Eugene Crowner, 73, a retired railroad clerk, has lived in Bell so long that he can remember when all the families, like his, were white. On Tuesday’s ballot, most candidates were Latinos, some of whom he voted for. His polling site happened to be Grace Lutheran Church on Pine Avenue, where his father became pastor in 1941, and where he grew up playing on the parish grounds.
Crowner said he had been a voter for years, but he did something different this time: He brought a camera to commemorate the moment. This wasn’t just any election.
“It ought to be a new beginning,” Crowner said, walking down the block to the Spanish-tile home where he has lived most of his life. “We’ll get a new broom to sweep out City Hall.”
Something else was different this time, he said. There were lines. Though less than a quarter of registered voters showed up for the 2009 elections, turnout among the 10,485 registered voters this year was 33%.
Crowner has followed the scandal and knows that some people have said it can’t get much worse. He isn’t so sure.
“When we get a new council sweeping out City Hall,” he said, “there’s no telling what they’ll find.”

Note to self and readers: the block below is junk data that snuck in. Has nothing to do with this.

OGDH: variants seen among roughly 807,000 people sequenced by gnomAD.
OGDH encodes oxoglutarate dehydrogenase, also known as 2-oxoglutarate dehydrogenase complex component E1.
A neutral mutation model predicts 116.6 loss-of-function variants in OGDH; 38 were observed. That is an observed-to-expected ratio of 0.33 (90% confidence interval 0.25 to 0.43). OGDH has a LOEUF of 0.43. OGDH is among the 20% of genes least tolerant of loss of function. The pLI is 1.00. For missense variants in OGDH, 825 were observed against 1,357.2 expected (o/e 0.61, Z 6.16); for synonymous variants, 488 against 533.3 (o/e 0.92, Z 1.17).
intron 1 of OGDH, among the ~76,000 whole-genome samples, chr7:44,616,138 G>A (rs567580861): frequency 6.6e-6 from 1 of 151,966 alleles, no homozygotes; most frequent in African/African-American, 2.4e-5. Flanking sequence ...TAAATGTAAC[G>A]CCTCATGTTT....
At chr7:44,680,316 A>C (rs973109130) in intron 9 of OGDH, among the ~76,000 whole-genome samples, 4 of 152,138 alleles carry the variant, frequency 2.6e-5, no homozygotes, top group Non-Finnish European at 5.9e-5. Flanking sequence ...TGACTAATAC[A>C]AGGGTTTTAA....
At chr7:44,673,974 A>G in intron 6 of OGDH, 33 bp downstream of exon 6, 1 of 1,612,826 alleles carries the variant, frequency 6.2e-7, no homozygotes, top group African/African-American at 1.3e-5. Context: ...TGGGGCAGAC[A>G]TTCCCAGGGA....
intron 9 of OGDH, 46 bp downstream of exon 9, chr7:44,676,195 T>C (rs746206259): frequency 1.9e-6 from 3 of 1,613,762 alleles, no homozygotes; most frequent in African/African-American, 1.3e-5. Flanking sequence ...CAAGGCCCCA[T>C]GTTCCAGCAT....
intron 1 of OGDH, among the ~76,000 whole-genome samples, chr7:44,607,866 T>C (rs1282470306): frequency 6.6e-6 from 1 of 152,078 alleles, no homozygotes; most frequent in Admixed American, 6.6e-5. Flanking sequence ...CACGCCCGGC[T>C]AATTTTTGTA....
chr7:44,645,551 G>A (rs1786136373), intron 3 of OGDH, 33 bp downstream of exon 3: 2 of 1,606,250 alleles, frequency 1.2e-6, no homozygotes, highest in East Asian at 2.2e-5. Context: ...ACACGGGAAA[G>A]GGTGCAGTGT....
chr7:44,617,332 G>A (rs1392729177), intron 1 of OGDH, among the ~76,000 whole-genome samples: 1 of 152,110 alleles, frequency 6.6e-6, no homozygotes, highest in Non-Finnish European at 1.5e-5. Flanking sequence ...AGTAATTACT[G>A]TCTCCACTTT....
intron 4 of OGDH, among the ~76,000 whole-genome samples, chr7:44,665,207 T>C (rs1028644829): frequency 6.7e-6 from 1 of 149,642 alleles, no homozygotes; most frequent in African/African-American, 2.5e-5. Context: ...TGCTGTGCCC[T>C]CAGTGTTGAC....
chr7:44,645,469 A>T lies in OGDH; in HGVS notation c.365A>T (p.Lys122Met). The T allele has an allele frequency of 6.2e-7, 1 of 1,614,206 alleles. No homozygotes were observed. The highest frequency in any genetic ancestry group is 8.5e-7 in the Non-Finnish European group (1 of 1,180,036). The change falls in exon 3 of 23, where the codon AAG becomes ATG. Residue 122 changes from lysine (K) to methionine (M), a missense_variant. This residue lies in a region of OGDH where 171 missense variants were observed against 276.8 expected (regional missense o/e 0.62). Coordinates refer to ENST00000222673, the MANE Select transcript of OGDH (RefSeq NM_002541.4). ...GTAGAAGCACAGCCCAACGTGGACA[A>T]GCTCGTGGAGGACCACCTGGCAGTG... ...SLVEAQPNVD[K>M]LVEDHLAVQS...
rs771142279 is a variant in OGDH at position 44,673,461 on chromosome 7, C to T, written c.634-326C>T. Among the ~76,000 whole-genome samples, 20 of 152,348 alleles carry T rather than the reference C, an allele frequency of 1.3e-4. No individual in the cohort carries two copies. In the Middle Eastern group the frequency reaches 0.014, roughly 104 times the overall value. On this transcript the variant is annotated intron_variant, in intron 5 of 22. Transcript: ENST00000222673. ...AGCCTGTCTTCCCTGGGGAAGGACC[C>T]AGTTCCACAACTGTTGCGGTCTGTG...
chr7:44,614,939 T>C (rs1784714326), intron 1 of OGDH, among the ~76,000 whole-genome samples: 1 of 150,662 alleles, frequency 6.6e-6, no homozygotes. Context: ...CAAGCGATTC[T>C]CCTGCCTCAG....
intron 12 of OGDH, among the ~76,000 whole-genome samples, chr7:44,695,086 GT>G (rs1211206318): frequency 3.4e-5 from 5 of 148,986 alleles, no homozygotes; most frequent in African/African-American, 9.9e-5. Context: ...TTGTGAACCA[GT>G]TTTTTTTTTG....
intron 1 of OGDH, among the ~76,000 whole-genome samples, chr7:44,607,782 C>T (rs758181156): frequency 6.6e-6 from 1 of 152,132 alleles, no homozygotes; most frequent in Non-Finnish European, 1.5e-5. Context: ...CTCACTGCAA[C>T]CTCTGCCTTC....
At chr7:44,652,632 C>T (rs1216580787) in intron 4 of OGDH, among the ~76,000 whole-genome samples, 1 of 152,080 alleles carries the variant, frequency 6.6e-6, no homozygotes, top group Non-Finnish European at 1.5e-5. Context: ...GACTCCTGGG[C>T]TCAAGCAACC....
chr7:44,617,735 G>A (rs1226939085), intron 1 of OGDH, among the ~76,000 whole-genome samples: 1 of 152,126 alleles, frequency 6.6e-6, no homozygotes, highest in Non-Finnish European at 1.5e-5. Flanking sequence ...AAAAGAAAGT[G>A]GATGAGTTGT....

Last year, four of Bell’s five council members were charged with misappropriating city money by collecting big salaries for sitting on boards that did little or no work.
Outside the polling site at Iglesia de Dios church, the volunteers hanging out on the sidewalk far outnumbered voters. Candidate Rivas, who was motoring across town on a Segway through the day, handed out fliers and asked for support.
Rivas lost his bid for the council in 2009. He said this election was different.
“When I first ran, I had five volunteers,” he said. “We have over 400 now.” He said voters are more informed this time around. “They’ve read the booklet, they’ve taken into account the media reports … whoever gets elected, they really earned it.”
At nearby Little Bear Park, where parents watched their children play, there were reminders that not everyone was eligible to vote in this largely immigrant city.
Antonio Sanchez, 47, said he is a legal resident but not a citizen. He is troubled by high taxes and the Police Department’s now-notorious policy of aggressively impounding cars.
“I just hope that the people who can vote, vote for the right candidates — the ones who will be responsible,” he said.
Mario Hernandez, 46, who said he was a legal resident, made a similar point.
“I think there are a lot of people like me who would like to vote but can’t,” he said. “It would be good to see a change on the council. The city needs it.”
Polls officially closed at 8 p.m. Tuesday, but at Epoca Restaurant & Hall, a long line of voters remained.
“It’s not even like this for presidential elections,” said Miguel Ramirez, 46, who was waiting at the end of the line to vote in a city election for the first time.
“You can see that the people, that the city wants a change,” he said.
Times staff writers Corina Knoll and Jean Merl contributed to this report.